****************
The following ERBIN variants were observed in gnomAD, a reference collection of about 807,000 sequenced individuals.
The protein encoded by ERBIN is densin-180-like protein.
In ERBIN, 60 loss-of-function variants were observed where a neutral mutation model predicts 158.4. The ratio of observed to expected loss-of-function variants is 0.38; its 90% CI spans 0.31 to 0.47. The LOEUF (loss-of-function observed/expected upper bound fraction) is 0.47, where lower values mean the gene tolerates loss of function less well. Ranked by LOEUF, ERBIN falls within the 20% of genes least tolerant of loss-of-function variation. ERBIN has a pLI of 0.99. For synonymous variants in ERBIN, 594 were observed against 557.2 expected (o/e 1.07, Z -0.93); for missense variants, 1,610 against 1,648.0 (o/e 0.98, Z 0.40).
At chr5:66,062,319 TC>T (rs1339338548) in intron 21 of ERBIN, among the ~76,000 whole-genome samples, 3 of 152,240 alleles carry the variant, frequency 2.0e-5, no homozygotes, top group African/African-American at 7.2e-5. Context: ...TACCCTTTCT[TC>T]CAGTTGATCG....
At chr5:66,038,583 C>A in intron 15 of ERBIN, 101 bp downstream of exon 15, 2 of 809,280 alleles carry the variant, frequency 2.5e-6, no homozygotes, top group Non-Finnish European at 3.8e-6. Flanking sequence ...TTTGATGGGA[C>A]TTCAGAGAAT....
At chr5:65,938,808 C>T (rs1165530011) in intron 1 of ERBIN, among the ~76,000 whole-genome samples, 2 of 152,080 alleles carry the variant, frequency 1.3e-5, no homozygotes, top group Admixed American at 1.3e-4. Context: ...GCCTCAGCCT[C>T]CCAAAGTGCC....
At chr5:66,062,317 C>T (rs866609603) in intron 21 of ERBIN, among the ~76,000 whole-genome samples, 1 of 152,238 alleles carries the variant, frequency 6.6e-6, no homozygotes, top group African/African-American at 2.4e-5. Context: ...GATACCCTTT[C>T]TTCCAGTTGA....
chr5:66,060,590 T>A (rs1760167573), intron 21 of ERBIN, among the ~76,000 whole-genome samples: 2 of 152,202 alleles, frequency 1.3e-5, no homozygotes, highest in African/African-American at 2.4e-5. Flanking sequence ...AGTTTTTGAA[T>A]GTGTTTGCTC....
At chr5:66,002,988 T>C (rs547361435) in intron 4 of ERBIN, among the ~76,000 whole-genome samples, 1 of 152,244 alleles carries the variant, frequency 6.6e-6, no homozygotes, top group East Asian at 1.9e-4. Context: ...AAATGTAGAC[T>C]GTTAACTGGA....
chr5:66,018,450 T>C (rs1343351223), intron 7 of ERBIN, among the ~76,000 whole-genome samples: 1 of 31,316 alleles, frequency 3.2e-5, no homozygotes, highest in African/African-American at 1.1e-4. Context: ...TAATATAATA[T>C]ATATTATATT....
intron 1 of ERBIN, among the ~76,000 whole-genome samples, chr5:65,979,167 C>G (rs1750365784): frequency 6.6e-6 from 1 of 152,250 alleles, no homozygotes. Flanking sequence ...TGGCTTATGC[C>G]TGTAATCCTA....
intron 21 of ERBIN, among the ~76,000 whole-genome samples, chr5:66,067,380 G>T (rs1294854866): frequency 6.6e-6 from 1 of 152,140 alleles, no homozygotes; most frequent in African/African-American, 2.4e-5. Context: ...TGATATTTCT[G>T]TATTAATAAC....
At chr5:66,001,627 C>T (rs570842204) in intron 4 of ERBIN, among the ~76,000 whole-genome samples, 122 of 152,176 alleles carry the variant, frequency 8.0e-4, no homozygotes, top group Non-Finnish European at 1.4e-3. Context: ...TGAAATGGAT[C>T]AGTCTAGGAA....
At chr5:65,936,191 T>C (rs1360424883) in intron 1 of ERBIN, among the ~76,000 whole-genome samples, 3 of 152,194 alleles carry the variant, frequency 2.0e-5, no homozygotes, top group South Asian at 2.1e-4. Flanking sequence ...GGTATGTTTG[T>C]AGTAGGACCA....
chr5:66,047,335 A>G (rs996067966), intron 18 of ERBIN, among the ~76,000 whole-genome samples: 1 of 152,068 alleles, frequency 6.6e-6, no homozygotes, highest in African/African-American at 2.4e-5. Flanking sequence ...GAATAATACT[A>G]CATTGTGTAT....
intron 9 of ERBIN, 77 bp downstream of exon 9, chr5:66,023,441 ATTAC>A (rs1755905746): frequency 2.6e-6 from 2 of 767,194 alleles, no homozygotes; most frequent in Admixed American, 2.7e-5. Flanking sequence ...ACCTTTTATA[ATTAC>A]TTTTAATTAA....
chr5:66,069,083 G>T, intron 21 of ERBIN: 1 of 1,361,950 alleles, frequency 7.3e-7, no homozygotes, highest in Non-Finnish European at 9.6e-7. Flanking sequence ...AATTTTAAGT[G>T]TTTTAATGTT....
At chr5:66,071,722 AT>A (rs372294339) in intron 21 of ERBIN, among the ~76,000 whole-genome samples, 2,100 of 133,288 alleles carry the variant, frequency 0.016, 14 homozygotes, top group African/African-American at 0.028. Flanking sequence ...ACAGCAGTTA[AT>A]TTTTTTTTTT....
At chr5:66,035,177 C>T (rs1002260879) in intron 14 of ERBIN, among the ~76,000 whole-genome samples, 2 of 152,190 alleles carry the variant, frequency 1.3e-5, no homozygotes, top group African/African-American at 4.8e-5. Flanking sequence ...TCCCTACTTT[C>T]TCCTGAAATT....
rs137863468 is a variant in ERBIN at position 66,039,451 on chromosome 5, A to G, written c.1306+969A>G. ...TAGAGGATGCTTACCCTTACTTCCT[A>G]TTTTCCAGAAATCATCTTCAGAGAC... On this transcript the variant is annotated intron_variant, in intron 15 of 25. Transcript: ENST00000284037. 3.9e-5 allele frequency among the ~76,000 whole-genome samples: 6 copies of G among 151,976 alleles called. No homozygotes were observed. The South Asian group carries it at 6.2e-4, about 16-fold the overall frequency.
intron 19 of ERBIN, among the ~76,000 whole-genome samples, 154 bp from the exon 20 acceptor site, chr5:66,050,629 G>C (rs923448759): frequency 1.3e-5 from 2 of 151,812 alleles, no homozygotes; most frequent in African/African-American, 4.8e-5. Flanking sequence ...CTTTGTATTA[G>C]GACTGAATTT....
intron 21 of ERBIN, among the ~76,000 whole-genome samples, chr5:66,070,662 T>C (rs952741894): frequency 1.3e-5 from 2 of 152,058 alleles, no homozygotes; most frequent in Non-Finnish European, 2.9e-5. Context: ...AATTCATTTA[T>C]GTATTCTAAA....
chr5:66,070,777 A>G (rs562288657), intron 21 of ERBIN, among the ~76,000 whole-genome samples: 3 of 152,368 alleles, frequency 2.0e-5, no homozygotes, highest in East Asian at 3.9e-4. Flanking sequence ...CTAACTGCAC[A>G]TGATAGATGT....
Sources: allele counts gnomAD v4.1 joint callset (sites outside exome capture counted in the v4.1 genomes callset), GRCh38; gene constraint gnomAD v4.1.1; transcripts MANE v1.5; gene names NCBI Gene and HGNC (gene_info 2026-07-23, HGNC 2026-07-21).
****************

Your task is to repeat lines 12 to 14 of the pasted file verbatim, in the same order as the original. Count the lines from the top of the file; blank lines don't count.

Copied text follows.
intron 21 of ERBIN, among the ~76,000 whole-genome samples, chr5:66,067,380 G>T (rs1294854866): frequency 6.6e-6 from 1 of 152,140 alleles, no homozygotes; most frequent in African/African-American, 2.4e-5. Context: ...TGATATTTCT[G>T]TATTAATAAC....
At chr5:66,001,627 C>T (rs570842204) in intron 4 of ERBIN, among the ~76,000 whole-genome samples, 122 of 152,176 alleles carry the variant, frequency 8.0e-4, no homozygotes, top group Non-Finnish European at 1.4e-3. Context: ...TGAAATGGAT[C>T]AGTCTAGGAA....
At chr5:65,936,191 T>C (rs1360424883) in intron 1 of ERBIN, among the ~76,000 whole-genome samples, 3 of 152,194 alleles carry the variant, frequency 2.0e-5, no homozygotes, top group South Asian at 2.1e-4. Flanking sequence ...GGTATGTTTG[T>C]AGTAGGACCA....